Have you ever wondered why plant-based meat has always seemed to be made out of wheat and soy? Are you curious about why plant-based burgers have come onto the scene in a big way in 2018? Are you anxious about how we’ll feed the world sustainably in 2050 with close to 10 billion people on the planet? Yup, me too.
Fortunately, GFI Director of Science and Technology David Welch has some answers. He took the stage at The Good Food Conference to explain:
- Why plant-based meat is a big part of the solution to feeding our growing population on a finite planet;
- Why there’s so much room for innovation (hint: we’ve been using hand-me-down-materials and processes from other industries...but that’s changing now);
- How crop optimization, biochemistry, and solving backward are helping plant-based meat producers level up.
In short, there’s a lot you didn’t know you didn’t know about plant-based meat. But I’ll let David tell you about it.
(Find a text distillation below)
We’re not being very smart about efficiency.
These are the two looming questions about our global food supply:
- How do we feed nearly 10 billion people by 2050?
- How do we do it without pushing Mother Nature past her limits?
Here’s the current state of environmental and agricultural affairs: Just under 33% of earth’s surface is land. 71% of that land is habitable. We already use 50% of that 71% for agriculture. And over 75% of that is used for livestock production. Yet that land only produces 33% of our global protein supply. Does your brain hurt?
Here’s what that looks like:
Why is there such a discrepancy between the huge amount of land we allocate to livestock production and the relatively meager amount of protein calories we glean? Using animals as units of meat production is an inherently inefficient process.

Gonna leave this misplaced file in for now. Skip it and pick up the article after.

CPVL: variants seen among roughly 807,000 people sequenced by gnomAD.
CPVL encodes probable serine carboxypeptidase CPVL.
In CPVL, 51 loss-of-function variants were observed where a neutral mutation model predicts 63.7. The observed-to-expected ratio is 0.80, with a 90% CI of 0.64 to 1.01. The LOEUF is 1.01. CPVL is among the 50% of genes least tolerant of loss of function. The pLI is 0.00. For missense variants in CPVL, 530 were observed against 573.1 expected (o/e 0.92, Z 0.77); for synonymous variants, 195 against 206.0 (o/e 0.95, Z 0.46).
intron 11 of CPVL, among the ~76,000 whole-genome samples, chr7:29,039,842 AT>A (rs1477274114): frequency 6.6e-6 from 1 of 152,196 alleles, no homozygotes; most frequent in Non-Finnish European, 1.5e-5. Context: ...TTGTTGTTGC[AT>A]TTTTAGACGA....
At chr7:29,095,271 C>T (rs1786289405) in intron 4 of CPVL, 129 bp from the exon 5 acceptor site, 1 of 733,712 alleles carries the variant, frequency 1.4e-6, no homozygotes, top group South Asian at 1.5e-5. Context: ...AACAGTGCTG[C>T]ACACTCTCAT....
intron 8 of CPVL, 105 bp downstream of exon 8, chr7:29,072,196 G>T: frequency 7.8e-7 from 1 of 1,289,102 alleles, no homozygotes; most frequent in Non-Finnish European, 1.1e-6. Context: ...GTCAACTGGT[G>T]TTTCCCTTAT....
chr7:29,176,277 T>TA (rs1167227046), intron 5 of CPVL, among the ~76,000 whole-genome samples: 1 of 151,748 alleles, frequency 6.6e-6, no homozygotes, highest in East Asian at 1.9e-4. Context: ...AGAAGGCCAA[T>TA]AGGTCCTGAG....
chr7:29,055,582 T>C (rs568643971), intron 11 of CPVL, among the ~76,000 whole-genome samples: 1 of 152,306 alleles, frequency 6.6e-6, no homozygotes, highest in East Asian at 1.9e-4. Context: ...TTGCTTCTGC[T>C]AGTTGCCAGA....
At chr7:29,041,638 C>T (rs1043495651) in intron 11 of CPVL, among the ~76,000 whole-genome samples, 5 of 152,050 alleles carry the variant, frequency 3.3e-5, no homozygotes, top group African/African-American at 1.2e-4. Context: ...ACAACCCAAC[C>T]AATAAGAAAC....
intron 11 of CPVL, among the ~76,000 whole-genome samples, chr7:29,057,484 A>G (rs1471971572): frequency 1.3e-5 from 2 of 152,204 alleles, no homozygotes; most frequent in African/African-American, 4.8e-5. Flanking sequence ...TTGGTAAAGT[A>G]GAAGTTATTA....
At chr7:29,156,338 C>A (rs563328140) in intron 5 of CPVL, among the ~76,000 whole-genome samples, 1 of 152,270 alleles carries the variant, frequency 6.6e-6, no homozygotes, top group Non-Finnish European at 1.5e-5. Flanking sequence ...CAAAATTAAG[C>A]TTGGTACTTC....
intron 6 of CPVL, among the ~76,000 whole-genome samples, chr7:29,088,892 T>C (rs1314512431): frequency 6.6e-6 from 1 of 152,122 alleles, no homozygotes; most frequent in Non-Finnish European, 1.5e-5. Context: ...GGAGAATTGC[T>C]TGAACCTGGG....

Take the chicken as an example. Chickens have been relentlessly bred to reach slaughter weight as fast as possible with the biggest chicken breast possible. Nevertheless, it still requires 9 calories of chicken feed to create 1 calorie of chicken meat. Even setting aside issues around animal welfare, antibiotic use, and food safety, the inherent limitations of feed conversion in this biological system make conventional animal agriculture unsustainable.
Meat consumption is on the rise.
Despite the rising awareness of these inefficiencies and the other deleterious effects of industrial-scale animal agriculture, the world will eat more meat per capita this year than ever before.
As standards of living rise around the world, humans are eating more meat. Compounded with our growing global population, this adds extraordinary pressure to our already straining environment. From a land-use standpoint alone, by the year 2050, the demand for meat will have skyrocketed beyond what our planet is capable of producing.
Global Demand for Meat
2005 v 2050 (in tonnes)